In response to
I remember this kind of idea coming from the utopian folks on the mailing lists a few years back – the kind of “it’ll all be alright if we just co-operate” scenario. Unfortunately, and I’m cynical having spent time embedded in the commercial side, I think it’s well off the mark. But…
Is a subscription-model an industry solution? I don’t think so. It’s part of the landscape.
Is it an excellent business-model for companies? Certainly.
We need to create structure around all that exists, stop suing people and just focus on being constructive. These things are not going away, but neither will CD sales for a long time.
We need to build more bridges between the online and offline worlds.
I wouldn’t be at all surprised if we just give the “music” away and charge for a product associated with it (which, after all is what we do with CD licensing already). The associated product might be a CD or a memory stick, but it will have a picture on it,
and some perceivable creative and unique value beyond a “device” that carries a signal. Your CD covers are more valuable to you than you might have thought….
What I think the current EFF is missing:
1) Intellectual Property-based commerce relies on geographic boundaries
Getting a commercial collection agencies to work with “the whole web” on behalf of “the whole industry” seems really naive. Why, or how, would a Chinese record label use or trust a US collection agency to get a chunk of its $5. It’s akin to creating a global tax for music, a tax that is paid to lots of profit-driven labels.
I don’t know of good examples where some company in such a situation wouldn’t try and do everything humanly possible to “win” over the rest. Never mind trying to create some kind of international tax-tracking to pay the import and export duties…
In the same light, *any* analogy to radio or broadcasting does not apply because broadcasting is limited by the technology to physical demographics. It is not a good model for any internet commerce.
Broadcast licensing is already a complete mess -profit and business growth is *engineered* around selling rights in different territories. This is an economic cat that does not want to be put back in its bag, so there will be massive opposition to it. The rights organisations hardly ever agree and thank god they don’t otherwise Europe would have followed America’s “lead” a long time ago – PPL in the UK is *still* trying to sue Virgin Radio for webcasting its on-air output…. that’s 8 years.
2) Distribution is an industry
“No CDs to ship”. This is a perfect example – there is a huge industry out there which is based on CD distribution, not just licensing. They also sell DVDs and merchandise. They heavily promote artists. They are not going anywhere soon. HMV/etc. have ‘essential’ commercial relationships as part of the economic ecosystem on which the music industry is based.
3) Computers are good at counting
“divvy up based on popularity” – measuring the charts is hard enough. It might be technically possible to have some trusted measurement network, but, well, do you believe the top10? In the UK they will start to count Digital Downloads in the UK charts later this year – but they are still part of an ecosystem. Never mind the tax issues mentioned above.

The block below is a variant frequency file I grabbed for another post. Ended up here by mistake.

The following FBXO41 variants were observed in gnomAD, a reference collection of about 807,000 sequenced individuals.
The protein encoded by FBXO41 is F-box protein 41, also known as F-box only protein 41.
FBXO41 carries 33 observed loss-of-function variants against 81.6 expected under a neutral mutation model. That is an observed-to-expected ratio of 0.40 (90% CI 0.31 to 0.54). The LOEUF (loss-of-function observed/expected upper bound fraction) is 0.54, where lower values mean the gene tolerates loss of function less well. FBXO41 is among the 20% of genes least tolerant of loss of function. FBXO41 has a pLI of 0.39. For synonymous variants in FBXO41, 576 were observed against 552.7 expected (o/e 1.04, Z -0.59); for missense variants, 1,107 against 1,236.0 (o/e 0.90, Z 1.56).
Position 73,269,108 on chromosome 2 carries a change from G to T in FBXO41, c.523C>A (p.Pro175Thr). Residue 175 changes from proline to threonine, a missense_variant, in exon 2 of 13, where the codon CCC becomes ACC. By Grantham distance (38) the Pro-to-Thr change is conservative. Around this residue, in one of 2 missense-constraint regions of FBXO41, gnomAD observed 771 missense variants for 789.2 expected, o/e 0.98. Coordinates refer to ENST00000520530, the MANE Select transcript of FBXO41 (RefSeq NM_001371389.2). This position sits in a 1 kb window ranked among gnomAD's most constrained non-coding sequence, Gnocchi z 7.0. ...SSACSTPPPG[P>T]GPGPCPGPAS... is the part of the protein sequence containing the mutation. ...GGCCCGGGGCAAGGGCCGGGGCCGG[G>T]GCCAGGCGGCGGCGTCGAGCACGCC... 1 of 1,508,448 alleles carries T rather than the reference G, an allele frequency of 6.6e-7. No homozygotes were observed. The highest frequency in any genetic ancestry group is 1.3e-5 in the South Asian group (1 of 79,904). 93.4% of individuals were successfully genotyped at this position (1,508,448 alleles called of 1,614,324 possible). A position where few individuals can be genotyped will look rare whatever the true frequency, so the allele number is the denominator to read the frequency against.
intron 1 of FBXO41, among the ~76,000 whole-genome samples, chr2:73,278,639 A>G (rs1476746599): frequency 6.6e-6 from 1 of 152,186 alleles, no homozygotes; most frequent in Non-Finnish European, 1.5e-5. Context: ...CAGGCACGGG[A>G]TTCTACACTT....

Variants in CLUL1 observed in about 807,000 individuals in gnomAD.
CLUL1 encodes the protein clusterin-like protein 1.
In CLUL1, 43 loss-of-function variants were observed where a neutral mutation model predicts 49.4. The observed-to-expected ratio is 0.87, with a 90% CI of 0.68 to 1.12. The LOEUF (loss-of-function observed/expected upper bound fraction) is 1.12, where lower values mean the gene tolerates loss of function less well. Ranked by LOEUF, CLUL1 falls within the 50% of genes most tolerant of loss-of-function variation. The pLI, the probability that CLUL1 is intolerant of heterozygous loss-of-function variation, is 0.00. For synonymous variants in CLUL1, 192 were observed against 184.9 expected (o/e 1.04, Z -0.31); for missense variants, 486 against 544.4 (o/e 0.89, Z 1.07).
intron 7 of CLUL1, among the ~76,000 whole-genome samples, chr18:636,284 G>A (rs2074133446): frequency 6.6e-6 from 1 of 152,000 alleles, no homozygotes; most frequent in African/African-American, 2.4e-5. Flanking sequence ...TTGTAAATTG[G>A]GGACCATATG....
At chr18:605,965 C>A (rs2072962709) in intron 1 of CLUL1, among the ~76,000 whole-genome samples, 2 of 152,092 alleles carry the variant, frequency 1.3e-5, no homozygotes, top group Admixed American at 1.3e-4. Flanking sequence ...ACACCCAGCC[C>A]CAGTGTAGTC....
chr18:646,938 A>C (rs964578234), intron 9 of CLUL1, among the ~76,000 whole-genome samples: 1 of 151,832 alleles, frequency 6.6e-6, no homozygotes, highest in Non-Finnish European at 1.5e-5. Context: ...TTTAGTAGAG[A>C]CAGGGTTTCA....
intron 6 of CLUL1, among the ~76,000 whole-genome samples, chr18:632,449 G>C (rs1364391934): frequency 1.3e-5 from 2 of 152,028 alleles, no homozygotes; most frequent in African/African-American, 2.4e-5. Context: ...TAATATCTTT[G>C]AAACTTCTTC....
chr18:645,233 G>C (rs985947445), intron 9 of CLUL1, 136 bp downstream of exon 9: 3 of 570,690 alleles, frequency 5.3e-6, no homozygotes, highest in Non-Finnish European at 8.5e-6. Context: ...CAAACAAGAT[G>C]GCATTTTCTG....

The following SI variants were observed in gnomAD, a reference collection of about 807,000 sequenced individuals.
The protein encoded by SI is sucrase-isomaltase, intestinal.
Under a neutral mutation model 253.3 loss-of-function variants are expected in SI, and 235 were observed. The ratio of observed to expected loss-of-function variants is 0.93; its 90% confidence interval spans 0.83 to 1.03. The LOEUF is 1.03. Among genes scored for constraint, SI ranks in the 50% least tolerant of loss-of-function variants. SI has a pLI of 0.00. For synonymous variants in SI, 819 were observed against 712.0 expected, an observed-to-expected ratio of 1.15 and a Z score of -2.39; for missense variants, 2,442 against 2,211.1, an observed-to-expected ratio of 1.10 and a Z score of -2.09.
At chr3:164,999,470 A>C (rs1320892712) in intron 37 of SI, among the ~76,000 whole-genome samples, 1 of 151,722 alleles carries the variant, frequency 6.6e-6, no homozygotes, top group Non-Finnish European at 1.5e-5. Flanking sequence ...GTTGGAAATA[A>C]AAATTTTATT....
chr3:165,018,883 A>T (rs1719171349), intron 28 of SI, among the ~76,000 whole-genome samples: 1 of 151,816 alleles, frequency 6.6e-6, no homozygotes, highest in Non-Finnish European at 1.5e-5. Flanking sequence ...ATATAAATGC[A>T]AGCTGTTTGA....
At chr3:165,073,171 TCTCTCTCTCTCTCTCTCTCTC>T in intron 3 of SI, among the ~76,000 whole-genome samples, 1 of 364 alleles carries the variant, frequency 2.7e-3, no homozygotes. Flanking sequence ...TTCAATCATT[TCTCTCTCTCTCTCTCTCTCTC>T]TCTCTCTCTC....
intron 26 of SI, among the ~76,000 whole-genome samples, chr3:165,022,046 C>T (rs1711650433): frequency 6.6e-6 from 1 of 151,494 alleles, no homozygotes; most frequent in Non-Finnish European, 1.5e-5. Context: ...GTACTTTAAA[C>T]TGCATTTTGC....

Although it’s arguable that every time a track is played it could be measured, but over what timescale? Every form of playback device would need to be internet-enabled. So what do we do for the next few decades?
4) If we build it they will pay
“The vast majority of file sharers are willing to pay a reasonable fee for the freedom to download whatever they like” is completely unknown. I hear it all the time and we all want to believe it. If this is the way we wanted to consume music, we’d have all signed up to Time-Life.
There is a real point here – we like to own things. We’ve like to own the physical product that accompanies our music as well as the convenience of portable playback. I favour models that combine the physical product we can own and the digital product that gives us the connivance.
I know someone who has 200GB of MP3’s and has stopped buying CDs altogether. If they *really* think someone deserves it, they just **buy the CD**. It’s neat, simple and fits the existing commercial models. Personally I’d rather be evangelising the message: “If your MP3 player registers you’ve played a track more than 5 times, show some respect and buy the album from the shops”
5) The Movie and Software guys are getting there faster
(“The movie industry, in contrast, is having its most profitable years in history”). Movies and software are a great examples, but not in the right context. Movies have turned on the head of a pin and created the “slightly too much data to make it worthwhile ripping” DVD format, and you get a nice box.
ADSL just isn’t quite fast enough to treat movies like music – this is just a quirk of physics. We needed 256Kbps to get to good music sharing speed. We’d need 2Mbps for movies and that’s some way off for home use. The movie industry needs to look out for when we have 100BaseT to the home. Oh, and software is still based on a “proprietary hardware solution”.
V1.2 1st March, adding related links
V1.1 29th Feb, after feedback from Danny
V1.0 Gavin Starks, 28th Feb 2004
29 Feb 04 ZDnet “the Copyright Board of Canada imposed a government fee of as much as $19.20 on iPod-like MP3 players, putting the devices in the same category as audio tapes and blank CDs. The money collected from levies on ‘recording mediums’ goes into a fund to pay musicians and songwriters for revenues lost from consumers’ personal copying.”
USA bodies: RIAA (targeting individuals in a high profile campaign)
Misc: DRM watch